An updated list of theatres, comedy and music venues
It remains a challenging time for performing arts, which nationally reached stage four (socially distanced indoor performances) of the reopening ‘roadmap’ outlined by culture secretary Oliver Dowden on 15th August; in Greater Manchester, this was even later due to local lockdown restrictions. You can see the reopening tale up to stage four in our Octagon article and the ongoing story at the bottom of this article.
Social distancing regulations unfortunately mean reopening unfeasible for many venues, making that elusive stage five (full reopening) the one that really counts; some such asand have already announced they won't be reopening to the public until 2021 while leading venues such as Royal Exchange have already been forced to make redundancies.
Despite the devastating hit to profit margins that social distancing entails (something HOME highlights in its quirky empty seat campaign), several Manchester performance venues have nevertheless announced live performances this autumn/winter. See their websites for what’s on and show them some support…
Please note some of these venues opened earlier in other capacities; the dates below reflect the return of theatre, comedy and music with a live audience…
THEATRE AND COMEDY
Frog & Bucket - September
Contact - October
The King's Arms - October
Z Arts - October
HOME - October
Hope Mill Theatre - October
The Lowry - November
The Whiskey Jar - September
Manchester Academy - October
Albert Hall - October
YES - October
For more festivals and happenings putting live performance back on the map, see our.
REOPENING PERFORMING ARTS - THE STORY CONTINUES
With social distancing regulations preventing many venues reopening, and severely affecting those that do, the challenge continues for live performance. From streaming to online audiences, fundraising compilations and even hosting court cases, the industry has had to adapt but - with furlough ending in October and chancellor Rishi Sunak’s scheme appearing to leave behind those in sectors such as arts and the night-time industry - fears for its survival abound. Other sticking points in the government’s include relatively little support for the self-employed.
Needless to say, performing arts isn’t going down without a fight. Here are some of the milestones so far…
29th September: Academy award-winning actor Vanessa Redgrave CBE came to Manchester as part of her campaign to save the arts. The event also included Mayor Andy Burnham, theatre director Marianne Elliott OBE and renowned violinist Jennifer Pike.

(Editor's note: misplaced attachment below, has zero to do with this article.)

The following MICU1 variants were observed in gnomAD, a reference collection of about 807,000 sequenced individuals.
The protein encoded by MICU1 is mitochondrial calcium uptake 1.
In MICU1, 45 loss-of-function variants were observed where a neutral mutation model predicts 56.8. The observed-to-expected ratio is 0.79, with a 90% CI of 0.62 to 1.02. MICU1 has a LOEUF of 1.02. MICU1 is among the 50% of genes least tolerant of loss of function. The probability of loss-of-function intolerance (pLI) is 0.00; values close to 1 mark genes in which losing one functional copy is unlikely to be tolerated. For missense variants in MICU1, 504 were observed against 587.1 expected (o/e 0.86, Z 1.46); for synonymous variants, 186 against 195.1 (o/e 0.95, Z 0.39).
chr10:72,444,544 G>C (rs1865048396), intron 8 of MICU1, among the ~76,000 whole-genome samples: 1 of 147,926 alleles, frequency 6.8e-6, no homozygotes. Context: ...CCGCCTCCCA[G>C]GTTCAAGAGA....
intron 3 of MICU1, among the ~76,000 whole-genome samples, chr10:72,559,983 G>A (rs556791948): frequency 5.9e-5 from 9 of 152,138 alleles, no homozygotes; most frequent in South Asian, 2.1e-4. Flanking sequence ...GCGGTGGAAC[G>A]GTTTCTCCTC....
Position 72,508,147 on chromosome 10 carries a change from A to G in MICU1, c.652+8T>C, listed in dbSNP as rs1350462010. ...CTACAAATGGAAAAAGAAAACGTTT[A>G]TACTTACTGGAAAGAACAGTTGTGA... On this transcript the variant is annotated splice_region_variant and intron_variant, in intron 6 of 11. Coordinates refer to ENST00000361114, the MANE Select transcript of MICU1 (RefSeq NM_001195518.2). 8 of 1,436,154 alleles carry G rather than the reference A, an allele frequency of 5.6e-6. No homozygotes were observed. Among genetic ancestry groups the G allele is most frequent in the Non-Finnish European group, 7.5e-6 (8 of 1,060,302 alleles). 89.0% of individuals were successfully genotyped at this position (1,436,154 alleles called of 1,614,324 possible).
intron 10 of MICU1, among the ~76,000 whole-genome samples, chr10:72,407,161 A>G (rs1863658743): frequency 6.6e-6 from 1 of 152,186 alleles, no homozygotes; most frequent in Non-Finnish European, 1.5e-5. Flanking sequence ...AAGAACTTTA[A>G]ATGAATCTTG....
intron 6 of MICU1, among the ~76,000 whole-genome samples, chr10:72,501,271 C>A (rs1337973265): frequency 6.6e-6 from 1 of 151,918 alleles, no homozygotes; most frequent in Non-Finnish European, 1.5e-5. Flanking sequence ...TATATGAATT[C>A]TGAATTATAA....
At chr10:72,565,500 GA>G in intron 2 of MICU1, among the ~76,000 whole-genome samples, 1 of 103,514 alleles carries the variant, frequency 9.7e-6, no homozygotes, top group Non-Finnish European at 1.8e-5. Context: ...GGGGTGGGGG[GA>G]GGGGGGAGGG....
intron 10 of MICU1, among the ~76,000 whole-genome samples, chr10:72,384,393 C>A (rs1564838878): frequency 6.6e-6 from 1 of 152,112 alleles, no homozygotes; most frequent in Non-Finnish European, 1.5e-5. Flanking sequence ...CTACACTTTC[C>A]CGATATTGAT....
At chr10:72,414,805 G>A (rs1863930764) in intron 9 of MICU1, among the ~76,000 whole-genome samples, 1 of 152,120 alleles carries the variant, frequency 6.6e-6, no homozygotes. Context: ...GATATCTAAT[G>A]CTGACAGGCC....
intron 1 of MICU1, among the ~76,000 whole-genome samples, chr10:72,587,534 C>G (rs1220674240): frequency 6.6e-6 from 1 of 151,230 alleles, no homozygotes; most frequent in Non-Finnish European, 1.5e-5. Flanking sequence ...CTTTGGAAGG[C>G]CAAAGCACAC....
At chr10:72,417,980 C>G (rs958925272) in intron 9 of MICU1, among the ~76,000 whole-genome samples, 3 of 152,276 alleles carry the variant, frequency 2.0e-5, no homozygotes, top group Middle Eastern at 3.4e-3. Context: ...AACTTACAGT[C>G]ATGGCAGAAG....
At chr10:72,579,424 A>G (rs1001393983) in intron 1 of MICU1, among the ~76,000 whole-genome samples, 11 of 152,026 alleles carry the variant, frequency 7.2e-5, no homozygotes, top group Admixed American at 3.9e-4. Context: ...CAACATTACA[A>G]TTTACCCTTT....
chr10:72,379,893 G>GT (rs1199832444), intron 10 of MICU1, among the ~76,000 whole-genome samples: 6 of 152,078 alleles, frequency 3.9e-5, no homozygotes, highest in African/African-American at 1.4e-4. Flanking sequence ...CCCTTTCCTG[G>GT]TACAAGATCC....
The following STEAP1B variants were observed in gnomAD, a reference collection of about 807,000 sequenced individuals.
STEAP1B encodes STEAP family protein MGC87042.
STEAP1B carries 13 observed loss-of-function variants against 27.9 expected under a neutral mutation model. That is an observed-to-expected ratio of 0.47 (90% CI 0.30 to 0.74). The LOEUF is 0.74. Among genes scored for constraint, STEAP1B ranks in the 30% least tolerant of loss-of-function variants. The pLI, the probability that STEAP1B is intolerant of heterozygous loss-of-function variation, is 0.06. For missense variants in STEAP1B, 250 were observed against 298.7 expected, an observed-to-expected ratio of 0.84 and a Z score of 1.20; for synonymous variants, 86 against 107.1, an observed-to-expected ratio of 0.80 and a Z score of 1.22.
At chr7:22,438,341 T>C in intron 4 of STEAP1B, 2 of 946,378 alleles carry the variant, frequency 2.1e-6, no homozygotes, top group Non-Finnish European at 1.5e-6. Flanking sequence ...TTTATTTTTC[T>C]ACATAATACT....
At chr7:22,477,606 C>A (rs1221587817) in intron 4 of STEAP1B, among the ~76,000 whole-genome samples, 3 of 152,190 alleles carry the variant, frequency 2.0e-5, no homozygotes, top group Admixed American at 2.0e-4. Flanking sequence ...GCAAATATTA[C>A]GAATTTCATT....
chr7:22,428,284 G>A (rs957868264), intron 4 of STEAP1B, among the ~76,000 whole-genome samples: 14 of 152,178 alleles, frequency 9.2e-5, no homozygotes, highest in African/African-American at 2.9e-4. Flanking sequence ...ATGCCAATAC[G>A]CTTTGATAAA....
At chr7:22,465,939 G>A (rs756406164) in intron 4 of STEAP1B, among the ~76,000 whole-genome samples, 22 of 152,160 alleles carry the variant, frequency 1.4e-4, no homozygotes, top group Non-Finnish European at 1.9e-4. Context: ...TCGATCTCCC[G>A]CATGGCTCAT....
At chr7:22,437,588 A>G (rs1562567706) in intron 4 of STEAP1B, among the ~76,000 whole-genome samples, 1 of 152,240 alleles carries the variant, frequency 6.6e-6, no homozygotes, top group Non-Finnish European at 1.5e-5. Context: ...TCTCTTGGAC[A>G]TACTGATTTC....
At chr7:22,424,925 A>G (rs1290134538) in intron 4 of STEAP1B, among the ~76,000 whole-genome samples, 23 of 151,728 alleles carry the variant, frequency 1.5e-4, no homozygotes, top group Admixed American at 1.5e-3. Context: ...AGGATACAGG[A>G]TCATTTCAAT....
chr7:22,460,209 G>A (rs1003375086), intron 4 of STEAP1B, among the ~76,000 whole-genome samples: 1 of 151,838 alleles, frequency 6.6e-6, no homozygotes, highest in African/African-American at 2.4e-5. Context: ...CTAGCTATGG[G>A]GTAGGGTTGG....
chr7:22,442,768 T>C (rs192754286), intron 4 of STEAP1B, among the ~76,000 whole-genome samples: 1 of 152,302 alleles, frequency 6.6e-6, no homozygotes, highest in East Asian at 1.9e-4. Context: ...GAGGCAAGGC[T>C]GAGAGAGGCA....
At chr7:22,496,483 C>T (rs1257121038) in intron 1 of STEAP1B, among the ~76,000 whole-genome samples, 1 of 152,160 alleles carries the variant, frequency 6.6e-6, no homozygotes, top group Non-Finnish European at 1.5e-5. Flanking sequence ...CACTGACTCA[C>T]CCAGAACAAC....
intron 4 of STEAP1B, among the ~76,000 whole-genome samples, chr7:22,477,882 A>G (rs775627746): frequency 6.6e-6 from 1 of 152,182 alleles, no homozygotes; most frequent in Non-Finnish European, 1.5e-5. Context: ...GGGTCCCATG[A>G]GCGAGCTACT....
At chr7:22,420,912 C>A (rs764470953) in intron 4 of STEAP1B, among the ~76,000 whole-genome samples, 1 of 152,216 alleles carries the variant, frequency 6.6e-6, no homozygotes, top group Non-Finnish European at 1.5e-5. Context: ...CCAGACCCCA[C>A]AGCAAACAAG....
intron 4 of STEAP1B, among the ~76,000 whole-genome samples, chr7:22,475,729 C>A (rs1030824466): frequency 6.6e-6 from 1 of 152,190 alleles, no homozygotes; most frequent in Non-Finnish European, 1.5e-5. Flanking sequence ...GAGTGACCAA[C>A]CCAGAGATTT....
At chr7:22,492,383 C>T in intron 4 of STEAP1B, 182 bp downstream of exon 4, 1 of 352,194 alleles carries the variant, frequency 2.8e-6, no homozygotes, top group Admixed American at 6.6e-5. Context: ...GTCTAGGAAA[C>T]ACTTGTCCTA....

-night entertainment venues.
We took a moment today to light our stage up red in solidarity with #WeMakeEvents global action day, calling for support for the live events and entertainment sector. There are so many challenges still to face, and for theatre, gigs, festivals and others to survive we need help. pic.twitter.com/4DXRwn7XmT
— Welcome HOME (@HOME_mcr) September 30, 2020
3rd October: Five industry stalwarts (plus one driving the bus) embarked on a fundraising bike ride from Newcastle to London - via cities including Manchester - as part of the #WeMakeEvents campaign, which also includes the aforementioned Light it in Red.
5th October: The deadline for entering- a prize draw to win tickets to a series of special gigs, raising money for grassroots venues and MVT’s crisis fund - was extended to 26th October.
5th October: This date additionally saw the Greater Manchester Combined Authority (GMCA) announce a six-month cultural recovery plan for the region; also highlighting the key role our arts organisations play in inspiring communities and promoting wellbeing.
6th October: Rishi Sunak appeared to suggest that those in the arts industry should retrain, prompting outrage across the country. The same day saw hundreds of musicians host a poignant protest outside Parliament.
9th October: The first major tranche of the £1.57 billion culture recovery fund was announced, £103 million for 445 heritage organisations including Manchester venues like Elizabeth Gaskell's House.
10th October: A mural of Joy Division’s Ian Curtis - who sadly took his life at 23 - was unveiled on World Mental Health Day in the Northern Quarter. Created by local artist Akse P19, it was commissioned to launch Headstock Festival, which this year took place online; raising money for Manchester Mind and Help Musicians.
12th October: The second major tranche of the £1.57 billion culture recovery fund was announced after being delayed from 5th October. Recipients of the £257 million fund include theatres, music venues and other art organisations; more here.
17th October: Saturday saw a further round of support, with 588 candidates receiving a share of £76 million nationwide. But the week didn't bring good tidings for everyone, with venues including Frog and Bucket seeing their bids rejected.
Main image: Neil Winward